On February 9, the first spacecraft launched toward Mars in July of 2020 was the United Arab Emirates' Mars mission Al-Amal. This spacecraft entered into Mars orbit on February 9, 2021. It will study the atmosphere of Mars, returning details that have not yet been uncovered. The orbit will allow the spacecraft to view weather over large areas of the planet over time. It is expected to begin its mission in May 2021 and send back information for 2 years. The Al-Amal mission is the responsibility of AEU's space agency Mohammed Bin Rashid Space Centre (MBRSC).
Al-Amal's engines fired for 27 minutes to be captured by Mars' gravity and insert itself into orbit around the red planet. This is known as Mars Orbit Insertion (MOI) maneuver. Because of the communication time delay between Mars and Earth, spacecraft need to be able to perform MOI autonomously. The successful arrival and orbital insertion makes the Al -Amal spacecraft the first UAE planetary mission and the the fifth space agency to reach Mars orbit successfully.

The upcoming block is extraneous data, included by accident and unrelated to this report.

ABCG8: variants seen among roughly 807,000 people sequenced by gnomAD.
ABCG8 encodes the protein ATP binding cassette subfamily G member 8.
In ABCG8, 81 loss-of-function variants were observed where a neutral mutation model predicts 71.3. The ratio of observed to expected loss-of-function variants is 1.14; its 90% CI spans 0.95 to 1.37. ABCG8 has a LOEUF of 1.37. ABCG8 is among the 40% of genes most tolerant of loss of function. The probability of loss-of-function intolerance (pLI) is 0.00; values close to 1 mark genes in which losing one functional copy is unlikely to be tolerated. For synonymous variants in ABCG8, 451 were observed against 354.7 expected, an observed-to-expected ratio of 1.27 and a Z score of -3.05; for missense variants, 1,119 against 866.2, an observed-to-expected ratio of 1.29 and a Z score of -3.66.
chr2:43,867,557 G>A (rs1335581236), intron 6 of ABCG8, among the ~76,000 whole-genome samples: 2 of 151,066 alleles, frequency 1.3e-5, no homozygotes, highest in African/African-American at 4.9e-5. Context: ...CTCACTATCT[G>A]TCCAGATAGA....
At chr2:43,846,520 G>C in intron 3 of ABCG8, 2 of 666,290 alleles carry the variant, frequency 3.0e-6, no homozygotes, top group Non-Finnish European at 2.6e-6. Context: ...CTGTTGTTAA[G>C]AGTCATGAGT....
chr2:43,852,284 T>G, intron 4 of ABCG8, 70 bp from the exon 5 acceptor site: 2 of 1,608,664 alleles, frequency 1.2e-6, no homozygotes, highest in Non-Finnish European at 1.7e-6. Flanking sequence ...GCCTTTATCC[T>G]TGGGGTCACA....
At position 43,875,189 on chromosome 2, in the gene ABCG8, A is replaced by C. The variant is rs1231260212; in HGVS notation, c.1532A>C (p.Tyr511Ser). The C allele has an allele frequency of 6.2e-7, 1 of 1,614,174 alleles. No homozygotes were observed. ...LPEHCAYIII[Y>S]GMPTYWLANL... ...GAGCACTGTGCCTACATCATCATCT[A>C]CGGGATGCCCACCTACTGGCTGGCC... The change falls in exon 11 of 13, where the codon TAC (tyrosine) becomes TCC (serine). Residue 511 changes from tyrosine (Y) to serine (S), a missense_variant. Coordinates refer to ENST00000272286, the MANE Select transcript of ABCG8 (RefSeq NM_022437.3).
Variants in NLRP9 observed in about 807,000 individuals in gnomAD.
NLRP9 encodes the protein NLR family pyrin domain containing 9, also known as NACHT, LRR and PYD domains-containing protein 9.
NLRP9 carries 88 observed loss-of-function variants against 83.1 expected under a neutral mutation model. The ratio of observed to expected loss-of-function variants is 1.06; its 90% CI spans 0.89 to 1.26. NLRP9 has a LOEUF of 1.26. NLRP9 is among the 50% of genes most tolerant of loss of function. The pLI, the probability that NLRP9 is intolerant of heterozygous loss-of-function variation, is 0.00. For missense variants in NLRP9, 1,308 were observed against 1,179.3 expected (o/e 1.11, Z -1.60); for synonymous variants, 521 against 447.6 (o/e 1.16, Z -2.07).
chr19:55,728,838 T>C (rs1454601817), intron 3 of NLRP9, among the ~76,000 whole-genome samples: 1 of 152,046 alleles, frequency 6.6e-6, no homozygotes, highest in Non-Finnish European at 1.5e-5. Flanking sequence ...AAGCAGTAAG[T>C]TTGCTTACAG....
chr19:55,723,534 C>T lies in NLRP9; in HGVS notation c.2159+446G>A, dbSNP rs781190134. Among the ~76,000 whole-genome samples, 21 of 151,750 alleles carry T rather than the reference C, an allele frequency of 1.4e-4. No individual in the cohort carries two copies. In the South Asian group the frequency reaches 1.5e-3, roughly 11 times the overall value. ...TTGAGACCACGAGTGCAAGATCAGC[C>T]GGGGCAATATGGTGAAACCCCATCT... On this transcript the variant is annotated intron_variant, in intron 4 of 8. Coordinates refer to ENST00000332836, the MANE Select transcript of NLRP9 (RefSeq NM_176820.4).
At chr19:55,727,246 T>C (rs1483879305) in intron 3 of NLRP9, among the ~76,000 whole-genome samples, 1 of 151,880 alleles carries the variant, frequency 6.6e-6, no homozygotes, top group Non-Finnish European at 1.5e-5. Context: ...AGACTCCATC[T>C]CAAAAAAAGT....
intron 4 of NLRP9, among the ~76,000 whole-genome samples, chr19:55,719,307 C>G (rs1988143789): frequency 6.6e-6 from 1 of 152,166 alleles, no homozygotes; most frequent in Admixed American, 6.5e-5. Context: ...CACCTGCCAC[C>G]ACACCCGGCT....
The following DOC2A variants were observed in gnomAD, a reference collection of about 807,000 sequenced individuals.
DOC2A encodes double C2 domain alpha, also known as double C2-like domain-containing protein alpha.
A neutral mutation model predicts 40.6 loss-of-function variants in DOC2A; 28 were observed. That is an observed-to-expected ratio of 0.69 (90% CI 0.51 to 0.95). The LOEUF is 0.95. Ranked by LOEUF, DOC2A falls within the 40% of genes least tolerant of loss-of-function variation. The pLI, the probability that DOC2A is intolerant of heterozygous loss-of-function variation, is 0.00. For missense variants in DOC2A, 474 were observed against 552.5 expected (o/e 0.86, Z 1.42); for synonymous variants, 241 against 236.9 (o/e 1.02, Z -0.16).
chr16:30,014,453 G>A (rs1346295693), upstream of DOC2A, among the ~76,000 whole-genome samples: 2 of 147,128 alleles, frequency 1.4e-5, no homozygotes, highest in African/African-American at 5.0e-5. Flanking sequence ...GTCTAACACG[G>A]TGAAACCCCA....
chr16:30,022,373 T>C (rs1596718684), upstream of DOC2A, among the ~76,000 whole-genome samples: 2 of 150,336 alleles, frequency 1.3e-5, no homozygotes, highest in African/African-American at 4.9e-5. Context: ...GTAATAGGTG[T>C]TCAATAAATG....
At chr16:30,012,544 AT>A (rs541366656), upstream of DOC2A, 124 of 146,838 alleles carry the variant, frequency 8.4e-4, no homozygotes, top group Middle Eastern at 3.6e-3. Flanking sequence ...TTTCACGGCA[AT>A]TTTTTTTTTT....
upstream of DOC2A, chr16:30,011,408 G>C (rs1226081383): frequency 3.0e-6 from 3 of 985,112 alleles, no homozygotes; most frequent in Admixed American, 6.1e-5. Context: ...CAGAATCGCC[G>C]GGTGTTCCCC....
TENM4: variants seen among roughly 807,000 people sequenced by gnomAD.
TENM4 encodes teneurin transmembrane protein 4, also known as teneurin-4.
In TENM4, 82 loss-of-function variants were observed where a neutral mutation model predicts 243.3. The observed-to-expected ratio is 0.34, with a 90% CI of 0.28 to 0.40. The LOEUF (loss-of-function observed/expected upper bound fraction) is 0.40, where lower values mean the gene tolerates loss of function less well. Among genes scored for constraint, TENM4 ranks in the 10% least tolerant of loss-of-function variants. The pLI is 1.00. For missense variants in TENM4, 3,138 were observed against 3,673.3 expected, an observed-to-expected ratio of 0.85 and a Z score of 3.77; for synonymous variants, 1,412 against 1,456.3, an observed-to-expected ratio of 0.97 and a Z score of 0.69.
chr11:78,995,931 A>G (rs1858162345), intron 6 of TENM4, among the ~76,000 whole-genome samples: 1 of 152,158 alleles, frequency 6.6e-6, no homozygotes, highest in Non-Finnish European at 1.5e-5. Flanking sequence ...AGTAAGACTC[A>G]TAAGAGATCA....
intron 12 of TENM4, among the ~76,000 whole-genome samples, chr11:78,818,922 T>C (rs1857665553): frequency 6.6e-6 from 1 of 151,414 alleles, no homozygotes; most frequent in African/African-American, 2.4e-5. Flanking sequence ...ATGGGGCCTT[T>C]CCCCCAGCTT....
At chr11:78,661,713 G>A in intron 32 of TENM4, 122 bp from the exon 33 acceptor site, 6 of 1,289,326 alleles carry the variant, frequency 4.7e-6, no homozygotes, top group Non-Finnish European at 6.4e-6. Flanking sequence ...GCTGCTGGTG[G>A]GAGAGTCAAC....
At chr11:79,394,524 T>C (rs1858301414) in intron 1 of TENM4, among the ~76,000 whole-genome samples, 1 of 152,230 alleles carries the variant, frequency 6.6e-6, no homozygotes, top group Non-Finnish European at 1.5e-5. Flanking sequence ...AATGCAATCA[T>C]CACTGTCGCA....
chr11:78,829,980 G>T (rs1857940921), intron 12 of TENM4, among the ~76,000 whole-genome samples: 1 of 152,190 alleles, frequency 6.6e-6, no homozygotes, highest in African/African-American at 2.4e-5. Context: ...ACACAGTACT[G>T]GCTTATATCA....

After 40 hours traveling in the capture orbit, Al-Amal will enter into its science orbit. It uses a type of orbit that is called a semi-synchronous orbit. It orbits Mars once every 55 hours while the rotational period of Mars is 24 hours and 37 minutes. This means that Al-Amal will be above certain regions of Mars for longer time periods that will allow an overview of weather patterns.